During operative laparoscopy, many abdominal disorders can be safely treated through the laparoscope at the same time that the diagnosis is made. When performing operative laparoscopy, the physician inserts additional instruments such as probes, scissors, grasping instruments, biopsy forceps, electrosurgical or laser instruments, and suture materials through two or three incisions in the area above the pubic bone. Lasers, while a significant help in certain surgeries, are expensive and are not necessarily better or more effective than other surgical techniques used during operative laparoscopy. The choice of technique and instrumentation depends on many factors including the physician’s training, location of the problem, and availability of equipment.

Some problems that can be corrected with operative laparoscopy include removing adhesions from around the fallopian tubes and ovaries, opening blocked tubes, removing ovarian cysts, and treating ectopic pregnancy. Endometriosis can also be removed from the outside of the uterus, ovaries, or peritoneum. Under certain circumstances, fibroids on the uterus can also be removed. Operative laparoscopy can also be used to remove diseased ovaries and can assist in the performance of hysterectomy.

Sometimes a second-look laparoscopy may be recommended and is performed following a previous laparoscopy or major abdominal surgery (laparotomy). Second-look laparoscopy may be performed within a few days. weeks, or months following the initial laparoscopy or laparotomy. During a second-look procedure the physician determines the results of the initial procedure, for example whether adhesions are reforming or if endometriosis is returning. If so. these problems can be treated at the time of the second-look laparoscopy.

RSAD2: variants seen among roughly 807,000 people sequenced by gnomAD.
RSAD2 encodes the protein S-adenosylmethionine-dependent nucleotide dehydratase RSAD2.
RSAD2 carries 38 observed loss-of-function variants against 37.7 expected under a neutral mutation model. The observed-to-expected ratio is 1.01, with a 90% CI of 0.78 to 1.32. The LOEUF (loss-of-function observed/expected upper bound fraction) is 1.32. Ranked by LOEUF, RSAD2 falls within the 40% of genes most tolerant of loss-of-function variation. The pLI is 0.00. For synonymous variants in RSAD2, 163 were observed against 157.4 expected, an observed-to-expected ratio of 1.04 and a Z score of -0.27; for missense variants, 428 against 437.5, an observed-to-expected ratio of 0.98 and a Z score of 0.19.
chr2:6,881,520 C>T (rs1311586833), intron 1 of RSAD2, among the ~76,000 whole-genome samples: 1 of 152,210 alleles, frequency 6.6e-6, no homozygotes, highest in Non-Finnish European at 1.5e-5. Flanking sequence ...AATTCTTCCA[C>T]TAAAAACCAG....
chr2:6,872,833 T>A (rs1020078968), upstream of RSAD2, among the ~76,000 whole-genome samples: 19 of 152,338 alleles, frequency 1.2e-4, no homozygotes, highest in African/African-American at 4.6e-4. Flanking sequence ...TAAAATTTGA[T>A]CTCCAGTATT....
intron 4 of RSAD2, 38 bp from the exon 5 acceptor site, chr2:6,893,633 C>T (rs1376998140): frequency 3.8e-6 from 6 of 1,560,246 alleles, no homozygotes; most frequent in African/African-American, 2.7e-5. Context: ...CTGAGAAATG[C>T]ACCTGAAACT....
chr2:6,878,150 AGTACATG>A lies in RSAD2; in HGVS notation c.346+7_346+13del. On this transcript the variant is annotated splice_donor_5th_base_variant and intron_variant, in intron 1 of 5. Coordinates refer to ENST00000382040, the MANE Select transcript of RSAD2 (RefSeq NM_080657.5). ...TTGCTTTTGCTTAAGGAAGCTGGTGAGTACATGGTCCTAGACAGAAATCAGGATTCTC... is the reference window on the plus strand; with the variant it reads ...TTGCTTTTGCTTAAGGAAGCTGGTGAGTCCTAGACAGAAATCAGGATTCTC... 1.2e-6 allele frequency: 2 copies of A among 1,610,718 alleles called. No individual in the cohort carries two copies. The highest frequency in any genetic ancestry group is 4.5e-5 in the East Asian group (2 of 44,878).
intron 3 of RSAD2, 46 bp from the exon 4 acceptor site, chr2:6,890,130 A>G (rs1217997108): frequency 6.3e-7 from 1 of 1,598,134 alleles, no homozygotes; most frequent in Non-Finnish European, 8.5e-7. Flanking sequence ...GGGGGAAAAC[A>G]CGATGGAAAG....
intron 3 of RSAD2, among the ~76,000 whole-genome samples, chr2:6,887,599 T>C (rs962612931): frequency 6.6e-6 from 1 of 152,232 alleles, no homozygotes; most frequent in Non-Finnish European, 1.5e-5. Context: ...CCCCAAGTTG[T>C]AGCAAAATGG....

Risks of Laparoscopy

Serious complications of diagnostic and operative laparoscopy are rare. The major risk is damage to the bowel, bladder, ureters, uterus, major blood vessels, or other organs, which would require emergency surgery to repair. The chance that emergency surgery will be required is two to four per 1.000 procedures. Injuries can occur during the insertion of various instruments through the abdominal wall or during operative treatment. Certain conditions may increase the risk of serious complications. These include previous abdominal surgery, especially bowel surgery and a history or presence of bowel/pelvic adhesions, severe endometriosis. Pelvic infections, obesity, or excessive thinness.

There are other risks associated with laparoscopy. but they are all uncommon. Large hematomas of the abdominal wall can occur near the incisions. Pelvic or abdominal infections may occur as a result of the solution injected to see it the fallopian tubes are open. Allergic reactions, nerve damage, and anesthesia complications rarely occur. Postoperative (after operation) complications include bladder infection, skin incision infection, urinary retention, or venous thrombosis.

Postoperative Care

Following laparoscopy. the navel area is usually tender and the abdomen may be bruised. Gas used to distend the abdomen may cause discomfort in the shoulders and abdomen, and anesthesia can cause nausea and dizziness. The amount of discomfort depends on the type and exent of procedures performed. Normal activities can usually be resumed within a few days.